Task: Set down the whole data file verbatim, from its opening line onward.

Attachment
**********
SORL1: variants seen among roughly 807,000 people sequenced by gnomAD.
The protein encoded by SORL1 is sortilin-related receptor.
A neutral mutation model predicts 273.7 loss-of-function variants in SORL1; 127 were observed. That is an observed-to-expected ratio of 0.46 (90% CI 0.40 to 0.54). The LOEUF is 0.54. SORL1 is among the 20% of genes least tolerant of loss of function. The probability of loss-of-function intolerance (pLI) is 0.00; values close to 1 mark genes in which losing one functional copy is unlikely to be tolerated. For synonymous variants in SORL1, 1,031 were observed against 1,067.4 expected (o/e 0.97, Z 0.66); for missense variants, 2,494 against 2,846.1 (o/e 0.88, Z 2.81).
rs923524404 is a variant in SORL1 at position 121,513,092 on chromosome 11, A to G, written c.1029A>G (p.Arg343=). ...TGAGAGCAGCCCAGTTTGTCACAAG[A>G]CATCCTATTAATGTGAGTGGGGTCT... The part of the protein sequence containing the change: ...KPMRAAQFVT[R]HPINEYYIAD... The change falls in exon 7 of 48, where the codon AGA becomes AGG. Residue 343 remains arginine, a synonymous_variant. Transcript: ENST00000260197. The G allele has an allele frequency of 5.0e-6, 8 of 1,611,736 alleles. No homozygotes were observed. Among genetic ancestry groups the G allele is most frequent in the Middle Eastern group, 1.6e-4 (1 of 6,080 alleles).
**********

SORL1: variants seen among roughly 807,000 people sequenced by gnomAD.
The protein encoded by SORL1 is sortilin-related receptor.
A neutral mutation model predicts 273.7 loss-of-function variants in SORL1; 127 were observed. That is an observed-to-expected ratio of 0.46 (90% CI 0.40 to 0.54). The LOEUF is 0.54. SORL1 is among the 20% of genes least tolerant of loss of function. The probability of loss-of-function intolerance (pLI) is 0.00; values close to 1 mark genes in which losing one functional copy is unlikely to be tolerated. For synonymous variants in SORL1, 1,031 were observed against 1,067.4 expected (o/e 0.97, Z 0.66); for missense variants, 2,494 against 2,846.1 (o/e 0.88, Z 2.81).
rs923524404 is a variant in SORL1 at position 121,513,092 on chromosome 11, A to G, written c.1029A>G (p.Arg343=). ...TGAGAGCAGCCCAGTTTGTCACAAG[A>G]CATCCTATTAATGTGAGTGGGGTCT... The part of the protein sequence containing the change: ...KPMRAAQFVT[R]HPINEYYIAD... The change falls in exon 7 of 48, where the codon AGA becomes AGG. Residue 343 remains arginine, a synonymous_variant. Transcript: ENST00000260197. The G allele has an allele frequency of 5.0e-6, 8 of 1,611,736 alleles. No homozygotes were observed. Among genetic ancestry groups the G allele is most frequent in the Middle Eastern group, 1.6e-4 (1 of 6,080 alleles).